Low Head is not a manouevre at a Hollywood party or a physical description of the gnomes of Norwich (the location of CRU), but a lighthouse in Tasmania, which John Daly photographed and brought to the attention of Neil Plummer, who had used it in Jones et al 1990. Plummer wrote back to Daly that the inhomogeneity had been taken into consideration in their revised data in Torok and Nichols. Well, was it?
Actually, yes, or at least a qualified yes and the adjustments are pretty interesting. The version from Jones et al 1990 (recently archived) is shown in red. There is a pronounced increase in maximum temperatures, which John Daly had reported to the Australiean BoM as being attributable to changing landscape at the lighthouse. Plummer replied that this had been allowed for in their High Quality network and, as shown in black, they made substantial adjustments to the series. In some years, the adjustment to the maximum temperature is as high as 1.8 degrees C.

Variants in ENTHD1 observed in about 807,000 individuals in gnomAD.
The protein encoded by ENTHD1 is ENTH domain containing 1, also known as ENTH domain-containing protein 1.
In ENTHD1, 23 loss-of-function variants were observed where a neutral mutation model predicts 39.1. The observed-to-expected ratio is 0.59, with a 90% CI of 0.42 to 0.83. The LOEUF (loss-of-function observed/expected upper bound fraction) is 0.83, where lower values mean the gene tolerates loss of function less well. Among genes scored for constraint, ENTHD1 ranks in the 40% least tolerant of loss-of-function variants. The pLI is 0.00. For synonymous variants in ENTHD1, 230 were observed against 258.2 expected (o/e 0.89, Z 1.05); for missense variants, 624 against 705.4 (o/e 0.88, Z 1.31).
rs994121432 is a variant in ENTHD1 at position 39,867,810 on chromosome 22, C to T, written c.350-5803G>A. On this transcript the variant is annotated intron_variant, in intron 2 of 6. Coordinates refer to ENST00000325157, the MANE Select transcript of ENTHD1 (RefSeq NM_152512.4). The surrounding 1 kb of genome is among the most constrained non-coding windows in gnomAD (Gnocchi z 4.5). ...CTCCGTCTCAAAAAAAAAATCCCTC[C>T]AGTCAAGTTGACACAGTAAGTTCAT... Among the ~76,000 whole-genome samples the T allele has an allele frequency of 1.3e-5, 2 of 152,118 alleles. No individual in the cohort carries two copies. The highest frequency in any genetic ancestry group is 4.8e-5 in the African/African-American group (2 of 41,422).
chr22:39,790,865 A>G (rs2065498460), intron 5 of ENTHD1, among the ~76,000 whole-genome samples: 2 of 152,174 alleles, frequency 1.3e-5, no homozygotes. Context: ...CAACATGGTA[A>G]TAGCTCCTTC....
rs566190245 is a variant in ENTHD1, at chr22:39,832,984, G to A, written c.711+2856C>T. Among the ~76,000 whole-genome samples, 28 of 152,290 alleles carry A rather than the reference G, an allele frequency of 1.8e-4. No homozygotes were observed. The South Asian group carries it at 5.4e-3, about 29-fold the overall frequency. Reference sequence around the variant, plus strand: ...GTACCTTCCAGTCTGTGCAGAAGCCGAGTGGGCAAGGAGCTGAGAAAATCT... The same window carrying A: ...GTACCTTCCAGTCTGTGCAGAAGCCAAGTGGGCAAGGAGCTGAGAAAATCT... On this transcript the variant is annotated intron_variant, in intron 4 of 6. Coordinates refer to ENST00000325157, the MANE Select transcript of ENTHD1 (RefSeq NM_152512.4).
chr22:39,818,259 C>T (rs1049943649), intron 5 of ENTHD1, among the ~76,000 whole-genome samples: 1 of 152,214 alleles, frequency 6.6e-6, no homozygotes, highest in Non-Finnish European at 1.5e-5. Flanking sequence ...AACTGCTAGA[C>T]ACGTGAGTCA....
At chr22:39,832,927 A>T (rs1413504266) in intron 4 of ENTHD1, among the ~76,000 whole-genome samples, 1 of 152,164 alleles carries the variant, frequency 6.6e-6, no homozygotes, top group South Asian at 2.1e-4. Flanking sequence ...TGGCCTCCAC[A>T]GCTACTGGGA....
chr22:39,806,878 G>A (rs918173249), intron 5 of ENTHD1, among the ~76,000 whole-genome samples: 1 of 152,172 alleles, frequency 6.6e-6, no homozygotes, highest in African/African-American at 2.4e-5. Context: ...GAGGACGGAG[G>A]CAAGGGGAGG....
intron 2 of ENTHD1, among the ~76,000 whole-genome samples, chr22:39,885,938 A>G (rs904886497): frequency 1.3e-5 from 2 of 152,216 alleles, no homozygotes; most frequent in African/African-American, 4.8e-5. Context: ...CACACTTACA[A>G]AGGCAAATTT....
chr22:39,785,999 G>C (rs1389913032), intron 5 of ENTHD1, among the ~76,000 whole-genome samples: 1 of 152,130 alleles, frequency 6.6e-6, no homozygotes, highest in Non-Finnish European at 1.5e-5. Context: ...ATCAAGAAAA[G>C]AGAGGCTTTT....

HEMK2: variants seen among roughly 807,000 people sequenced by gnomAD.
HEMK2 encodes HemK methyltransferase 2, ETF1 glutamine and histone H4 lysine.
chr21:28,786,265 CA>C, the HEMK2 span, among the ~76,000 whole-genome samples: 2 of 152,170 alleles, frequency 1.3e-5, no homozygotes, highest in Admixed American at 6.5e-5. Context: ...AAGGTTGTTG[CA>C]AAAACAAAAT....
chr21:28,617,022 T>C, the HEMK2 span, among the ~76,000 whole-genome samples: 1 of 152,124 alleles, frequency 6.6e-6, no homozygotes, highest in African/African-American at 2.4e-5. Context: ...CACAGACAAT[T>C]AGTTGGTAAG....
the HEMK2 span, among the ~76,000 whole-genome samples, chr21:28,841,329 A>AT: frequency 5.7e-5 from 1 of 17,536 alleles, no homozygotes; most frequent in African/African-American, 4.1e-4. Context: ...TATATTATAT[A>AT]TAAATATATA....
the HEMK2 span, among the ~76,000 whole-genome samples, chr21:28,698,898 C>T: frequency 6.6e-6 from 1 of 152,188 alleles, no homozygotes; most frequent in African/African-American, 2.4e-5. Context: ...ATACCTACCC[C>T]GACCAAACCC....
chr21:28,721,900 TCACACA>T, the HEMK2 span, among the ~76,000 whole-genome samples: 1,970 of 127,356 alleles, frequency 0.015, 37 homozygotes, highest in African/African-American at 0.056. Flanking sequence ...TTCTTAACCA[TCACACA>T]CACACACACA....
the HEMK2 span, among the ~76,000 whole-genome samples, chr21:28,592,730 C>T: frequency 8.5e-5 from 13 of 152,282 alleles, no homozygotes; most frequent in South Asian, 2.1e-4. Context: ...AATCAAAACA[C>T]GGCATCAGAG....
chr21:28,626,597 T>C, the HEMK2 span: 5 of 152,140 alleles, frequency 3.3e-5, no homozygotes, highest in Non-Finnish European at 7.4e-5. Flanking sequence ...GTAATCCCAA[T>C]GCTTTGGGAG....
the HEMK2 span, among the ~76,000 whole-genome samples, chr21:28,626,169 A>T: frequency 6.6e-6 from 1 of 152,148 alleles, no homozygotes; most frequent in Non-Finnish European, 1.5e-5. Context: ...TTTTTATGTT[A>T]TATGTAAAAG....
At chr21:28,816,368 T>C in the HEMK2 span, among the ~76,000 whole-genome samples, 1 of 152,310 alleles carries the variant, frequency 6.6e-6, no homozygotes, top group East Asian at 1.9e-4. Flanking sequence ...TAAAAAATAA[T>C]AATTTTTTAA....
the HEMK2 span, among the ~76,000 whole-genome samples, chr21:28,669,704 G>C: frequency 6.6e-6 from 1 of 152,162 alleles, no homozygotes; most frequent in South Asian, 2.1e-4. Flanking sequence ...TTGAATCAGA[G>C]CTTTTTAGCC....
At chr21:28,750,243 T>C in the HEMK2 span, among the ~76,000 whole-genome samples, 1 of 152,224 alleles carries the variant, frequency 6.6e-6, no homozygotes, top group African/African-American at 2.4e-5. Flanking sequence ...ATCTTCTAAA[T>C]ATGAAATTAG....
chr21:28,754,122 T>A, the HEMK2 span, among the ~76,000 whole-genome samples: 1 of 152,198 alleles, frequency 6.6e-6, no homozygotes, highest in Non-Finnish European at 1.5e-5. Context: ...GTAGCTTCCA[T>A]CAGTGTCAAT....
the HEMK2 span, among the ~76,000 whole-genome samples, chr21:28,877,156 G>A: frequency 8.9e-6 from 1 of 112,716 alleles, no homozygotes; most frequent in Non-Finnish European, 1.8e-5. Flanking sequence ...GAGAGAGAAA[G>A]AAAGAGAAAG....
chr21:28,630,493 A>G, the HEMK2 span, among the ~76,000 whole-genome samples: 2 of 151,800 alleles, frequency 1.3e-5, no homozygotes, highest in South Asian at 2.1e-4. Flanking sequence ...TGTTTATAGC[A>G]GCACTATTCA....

Low Head annual averages from Jones et al 1990 (red) and Torok and Nicholls archive (black, blue). The blue is the calculated annual average. Black is the 13th column which appears to be the adjusted annual average.
Let’s go back to Jones et al 1990. Their argument capping 20th century UHI at 0.05 deg C was based on the supposed small difference between the rather urban-based CRU gridded data and the supposedly “rural” comparandum in China, Russia and Austrlian comparisons – each of which has hair on it. In a spot check of an Australian site in Jones et al 1990 (and this is the only site that I’ve checked), there was a substantial bias in the rural comparandum which was known at least by 1996. Are there similar problems in other series? I don’t know. When Plummer and Coughlan discovered that they needed to re-state the Low Head series so substantially in their High Quality series, they should have published a Corrigendum or some other notice to the community relying on Jones et al 1990 – which continues to be cited, most recently in AR4.